Aristotle gave us an alternative conception of happiness

    It cannot be acquired by pleasurable experiences but only by identifying and realizing our own potential, moral and creative, in our specific environments, with our particular family, friends and colleagues, and helping others to do so. 

    Paradox of knowledge

    The increased access to information and knowledge we have today does not empower us or make us more cognitively autonomous.

    Instead, it makes us more dependent on other people's judgments and...

    From Information to Reputation

    There is a fundamental paradigm shift in our relationship to knowledge from 'information age', moving towards the 'reputation age'.

    This shift involves valuing information only if it has already been filtered, evaluated and commented upon by others. From this perspective, reputation has become a central pillar or gatekeeper of collective intelligence. We become reliant on biased judgments of other people.

    Reliant on reputation

    If you are asked why you believe in, for instance, the big changes in climate, you might answer that:

    • You trust the reputation of scientific research and believe that peer-review is a reasonable way of sifting out 'truths'. 
    • You trust newspapers, magazines or TV channels that endorse a political view that supports scientific research to summarise its findings for you. (Here you are twice-removed from the source - you trust other people's trust in science.)
    Even in conspiracy theories, people trust secondhand information based on the reputation of the sources.

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    Persuasion through storytelling

    Stories are a very integral part of being persuasive. 

    Stories trump data when it comes to persuasion because stories are easier to understand and relate to.

    What makes a story engaging
    • Suspense and “cliffhangers” allow you to create an addictive narrative;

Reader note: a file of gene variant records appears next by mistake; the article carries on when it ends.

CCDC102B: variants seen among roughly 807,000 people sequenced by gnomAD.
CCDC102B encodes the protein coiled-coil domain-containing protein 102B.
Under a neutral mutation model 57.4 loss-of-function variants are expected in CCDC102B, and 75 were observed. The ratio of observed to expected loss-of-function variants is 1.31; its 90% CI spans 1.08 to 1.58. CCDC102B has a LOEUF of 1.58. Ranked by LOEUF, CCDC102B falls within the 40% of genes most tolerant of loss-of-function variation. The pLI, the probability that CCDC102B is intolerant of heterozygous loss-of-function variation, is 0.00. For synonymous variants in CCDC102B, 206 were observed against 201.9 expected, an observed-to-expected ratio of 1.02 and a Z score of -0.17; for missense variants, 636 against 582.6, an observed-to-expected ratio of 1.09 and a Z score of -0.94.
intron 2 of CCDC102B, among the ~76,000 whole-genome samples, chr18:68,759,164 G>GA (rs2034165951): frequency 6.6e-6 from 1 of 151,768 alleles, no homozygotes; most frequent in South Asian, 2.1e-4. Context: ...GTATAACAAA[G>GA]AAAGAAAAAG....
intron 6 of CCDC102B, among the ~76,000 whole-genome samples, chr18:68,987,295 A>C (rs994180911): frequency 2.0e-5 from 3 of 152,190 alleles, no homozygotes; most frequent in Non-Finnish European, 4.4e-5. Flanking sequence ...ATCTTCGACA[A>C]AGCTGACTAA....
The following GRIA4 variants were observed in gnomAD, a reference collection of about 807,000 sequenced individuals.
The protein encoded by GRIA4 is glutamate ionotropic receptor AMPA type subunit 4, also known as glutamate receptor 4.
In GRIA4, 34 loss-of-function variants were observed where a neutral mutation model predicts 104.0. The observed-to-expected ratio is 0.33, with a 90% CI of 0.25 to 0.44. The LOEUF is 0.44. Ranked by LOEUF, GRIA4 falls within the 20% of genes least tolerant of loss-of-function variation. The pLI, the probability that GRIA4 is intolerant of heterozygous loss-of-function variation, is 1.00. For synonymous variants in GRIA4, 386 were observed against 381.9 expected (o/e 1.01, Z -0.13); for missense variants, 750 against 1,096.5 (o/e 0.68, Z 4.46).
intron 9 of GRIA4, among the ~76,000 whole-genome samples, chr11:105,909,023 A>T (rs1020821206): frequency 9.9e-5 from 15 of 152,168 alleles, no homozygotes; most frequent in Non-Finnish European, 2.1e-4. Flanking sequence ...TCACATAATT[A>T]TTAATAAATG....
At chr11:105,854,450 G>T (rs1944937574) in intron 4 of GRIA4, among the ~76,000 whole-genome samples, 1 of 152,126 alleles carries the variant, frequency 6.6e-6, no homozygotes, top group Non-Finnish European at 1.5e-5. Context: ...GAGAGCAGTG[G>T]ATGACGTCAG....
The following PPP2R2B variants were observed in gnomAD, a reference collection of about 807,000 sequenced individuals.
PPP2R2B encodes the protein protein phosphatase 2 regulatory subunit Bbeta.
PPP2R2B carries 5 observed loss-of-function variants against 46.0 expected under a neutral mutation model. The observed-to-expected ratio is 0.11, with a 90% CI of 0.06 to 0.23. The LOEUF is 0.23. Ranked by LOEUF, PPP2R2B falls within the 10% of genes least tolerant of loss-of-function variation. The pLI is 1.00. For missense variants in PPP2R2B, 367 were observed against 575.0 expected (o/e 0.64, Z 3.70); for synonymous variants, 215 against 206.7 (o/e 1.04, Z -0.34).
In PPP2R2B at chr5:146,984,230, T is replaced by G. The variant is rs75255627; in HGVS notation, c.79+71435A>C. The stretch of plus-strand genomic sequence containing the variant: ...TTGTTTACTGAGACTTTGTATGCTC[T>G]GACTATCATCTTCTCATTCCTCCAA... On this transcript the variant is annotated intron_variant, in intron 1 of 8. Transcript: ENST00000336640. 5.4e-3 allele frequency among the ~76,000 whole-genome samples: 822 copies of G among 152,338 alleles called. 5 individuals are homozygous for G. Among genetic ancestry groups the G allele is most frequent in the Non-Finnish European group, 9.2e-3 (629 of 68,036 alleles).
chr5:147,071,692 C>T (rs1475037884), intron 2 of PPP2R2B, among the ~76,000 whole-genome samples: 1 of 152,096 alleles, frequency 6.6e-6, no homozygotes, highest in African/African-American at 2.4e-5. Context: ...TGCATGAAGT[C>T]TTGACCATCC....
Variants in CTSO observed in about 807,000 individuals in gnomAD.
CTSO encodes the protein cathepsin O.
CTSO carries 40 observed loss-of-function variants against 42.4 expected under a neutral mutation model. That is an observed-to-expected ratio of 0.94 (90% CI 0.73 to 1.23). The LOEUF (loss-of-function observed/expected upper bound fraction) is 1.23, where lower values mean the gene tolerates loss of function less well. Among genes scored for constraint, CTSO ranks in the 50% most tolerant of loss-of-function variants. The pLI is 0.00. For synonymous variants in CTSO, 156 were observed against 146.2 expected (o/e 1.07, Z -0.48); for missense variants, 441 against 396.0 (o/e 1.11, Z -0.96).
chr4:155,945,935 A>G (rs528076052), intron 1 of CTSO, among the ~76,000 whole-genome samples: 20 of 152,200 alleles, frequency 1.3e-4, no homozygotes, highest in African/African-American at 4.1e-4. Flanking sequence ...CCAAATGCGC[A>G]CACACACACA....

• Creating detailed imagery;
    • Using literary techniques for turning simple stories into memorable works of art.
    • Change made easier by providing an example.
    Characteristics of persuasive stories
    • Delivery: matters as much as the content.
    • Imagery:  the brain “lights up” in reacting to imagery, truly transporting the reader to the events being described. 
    • Realism: poeple need a “human” element in the story that is easy for them to imagine.
    • Structure: people prefer stories that follow a logical manner.
    • Context: significant impact on the persuasiveness of a story.
    • Audience: determine who you don’t want reading your content along with who you do.
    We Live In The Age of Speaking

    The image one has of success and glory is someone speaking on a stage, holding a microphone. Schools have courses in communication, how to speak perfectly, and how to deb...

    The Lost Art of Listening

    It is by listening that human beings are able to connect, co-operate, comprehend, empathize, understand and develop themselves.

    Listening is fundamental to any meaningful relationship, whether it is personal, professional or political.

    People Resist Listening

    Meeting others face-to-face, or even talking over the phone is increasingly unpleasant and intrusive, with text messages and emoji being preferred.

    Lack of listening is fuelling the rise of loneliness, which is linked to heart disease, stroke, and even premature death.